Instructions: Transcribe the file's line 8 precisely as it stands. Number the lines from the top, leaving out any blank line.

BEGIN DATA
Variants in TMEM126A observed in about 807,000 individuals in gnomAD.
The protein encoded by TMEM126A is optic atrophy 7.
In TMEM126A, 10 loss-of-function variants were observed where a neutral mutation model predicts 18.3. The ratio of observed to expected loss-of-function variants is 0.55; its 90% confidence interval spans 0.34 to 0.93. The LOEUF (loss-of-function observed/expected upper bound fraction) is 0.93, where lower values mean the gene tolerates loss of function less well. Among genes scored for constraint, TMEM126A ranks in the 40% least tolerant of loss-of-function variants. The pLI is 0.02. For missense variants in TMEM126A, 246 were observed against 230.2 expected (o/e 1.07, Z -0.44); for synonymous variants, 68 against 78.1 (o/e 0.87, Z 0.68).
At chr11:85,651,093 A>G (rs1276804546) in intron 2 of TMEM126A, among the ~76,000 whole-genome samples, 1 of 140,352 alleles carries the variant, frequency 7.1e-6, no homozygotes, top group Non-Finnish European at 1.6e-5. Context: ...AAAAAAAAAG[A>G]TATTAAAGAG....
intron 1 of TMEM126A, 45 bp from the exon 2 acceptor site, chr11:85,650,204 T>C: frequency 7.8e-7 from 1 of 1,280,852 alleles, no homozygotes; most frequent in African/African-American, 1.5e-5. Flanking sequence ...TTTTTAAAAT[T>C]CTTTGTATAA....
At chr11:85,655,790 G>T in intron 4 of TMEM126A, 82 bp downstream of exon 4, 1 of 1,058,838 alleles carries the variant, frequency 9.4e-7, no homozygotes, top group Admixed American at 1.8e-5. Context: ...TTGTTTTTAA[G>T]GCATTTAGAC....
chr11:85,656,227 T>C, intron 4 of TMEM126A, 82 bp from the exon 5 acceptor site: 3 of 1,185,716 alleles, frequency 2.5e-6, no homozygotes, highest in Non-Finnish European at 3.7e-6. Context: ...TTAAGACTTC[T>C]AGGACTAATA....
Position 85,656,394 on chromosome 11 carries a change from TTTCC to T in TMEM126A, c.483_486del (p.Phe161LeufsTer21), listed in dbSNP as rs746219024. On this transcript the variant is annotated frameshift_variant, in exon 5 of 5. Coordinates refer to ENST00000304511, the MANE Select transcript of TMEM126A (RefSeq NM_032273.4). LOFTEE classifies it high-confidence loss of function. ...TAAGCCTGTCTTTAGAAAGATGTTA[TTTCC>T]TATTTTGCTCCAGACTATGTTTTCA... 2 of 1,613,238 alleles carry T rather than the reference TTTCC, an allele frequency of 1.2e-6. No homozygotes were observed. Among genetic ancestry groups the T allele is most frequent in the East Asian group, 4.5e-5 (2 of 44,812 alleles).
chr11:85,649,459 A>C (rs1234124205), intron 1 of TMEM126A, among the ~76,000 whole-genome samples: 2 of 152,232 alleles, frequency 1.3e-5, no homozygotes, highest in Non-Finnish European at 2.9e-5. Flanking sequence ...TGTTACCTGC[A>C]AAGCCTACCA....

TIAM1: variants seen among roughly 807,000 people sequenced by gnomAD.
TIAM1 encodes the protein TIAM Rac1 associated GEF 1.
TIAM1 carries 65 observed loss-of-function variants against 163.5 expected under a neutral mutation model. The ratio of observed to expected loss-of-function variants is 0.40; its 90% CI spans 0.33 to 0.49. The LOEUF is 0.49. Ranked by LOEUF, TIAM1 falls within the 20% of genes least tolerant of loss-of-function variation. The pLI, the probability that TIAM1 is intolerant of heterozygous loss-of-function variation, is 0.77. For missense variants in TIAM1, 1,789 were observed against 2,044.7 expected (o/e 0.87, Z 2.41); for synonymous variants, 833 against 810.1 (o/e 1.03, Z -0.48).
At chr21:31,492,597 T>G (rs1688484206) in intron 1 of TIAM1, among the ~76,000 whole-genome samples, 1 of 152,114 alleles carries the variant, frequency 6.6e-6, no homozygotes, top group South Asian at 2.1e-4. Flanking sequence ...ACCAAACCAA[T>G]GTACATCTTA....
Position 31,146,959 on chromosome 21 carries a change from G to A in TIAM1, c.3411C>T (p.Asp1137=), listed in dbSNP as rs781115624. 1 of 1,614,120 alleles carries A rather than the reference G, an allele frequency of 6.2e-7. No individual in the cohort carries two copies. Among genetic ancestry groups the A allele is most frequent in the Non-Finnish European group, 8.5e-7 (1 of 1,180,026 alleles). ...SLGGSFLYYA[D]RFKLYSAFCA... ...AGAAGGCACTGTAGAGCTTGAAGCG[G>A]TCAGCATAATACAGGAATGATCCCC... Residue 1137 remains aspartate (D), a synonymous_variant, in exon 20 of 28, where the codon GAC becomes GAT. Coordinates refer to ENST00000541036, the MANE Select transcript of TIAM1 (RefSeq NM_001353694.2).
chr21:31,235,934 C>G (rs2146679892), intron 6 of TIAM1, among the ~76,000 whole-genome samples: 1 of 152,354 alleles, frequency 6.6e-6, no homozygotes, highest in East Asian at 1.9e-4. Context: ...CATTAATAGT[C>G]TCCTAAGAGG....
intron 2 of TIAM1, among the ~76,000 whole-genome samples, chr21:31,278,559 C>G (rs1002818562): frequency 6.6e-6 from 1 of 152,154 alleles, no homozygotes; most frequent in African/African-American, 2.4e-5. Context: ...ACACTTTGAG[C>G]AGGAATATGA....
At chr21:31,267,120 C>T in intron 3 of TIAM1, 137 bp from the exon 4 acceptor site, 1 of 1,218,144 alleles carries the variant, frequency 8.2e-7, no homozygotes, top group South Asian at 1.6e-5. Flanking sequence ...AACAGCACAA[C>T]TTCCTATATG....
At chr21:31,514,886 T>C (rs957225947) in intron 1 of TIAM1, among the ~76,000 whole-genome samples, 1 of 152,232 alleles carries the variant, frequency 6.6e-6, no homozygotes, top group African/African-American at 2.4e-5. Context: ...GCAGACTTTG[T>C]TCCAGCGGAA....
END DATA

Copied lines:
Position 85,656,394 on chromosome 11 carries a change from TTTCC to T in TMEM126A, c.483_486del (p.Phe161LeufsTer21), listed in dbSNP as rs746219024. On this transcript the variant is annotated frameshift_variant, in exon 5 of 5. Coordinates refer to ENST00000304511, the MANE Select transcript of TMEM126A (RefSeq NM_032273.4). LOFTEE classifies it high-confidence loss of function. ...TAAGCCTGTCTTTAGAAAGATGTTA[TTTCC>T]TATTTTGCTCCAGACTATGTTTTCA... 2 of 1,613,238 alleles carry T rather than the reference TTTCC, an allele frequency of 1.2e-6. No homozygotes were observed. Among genetic ancestry groups the T allele is most frequent in the East Asian group, 4.5e-5 (2 of 44,812 alleles).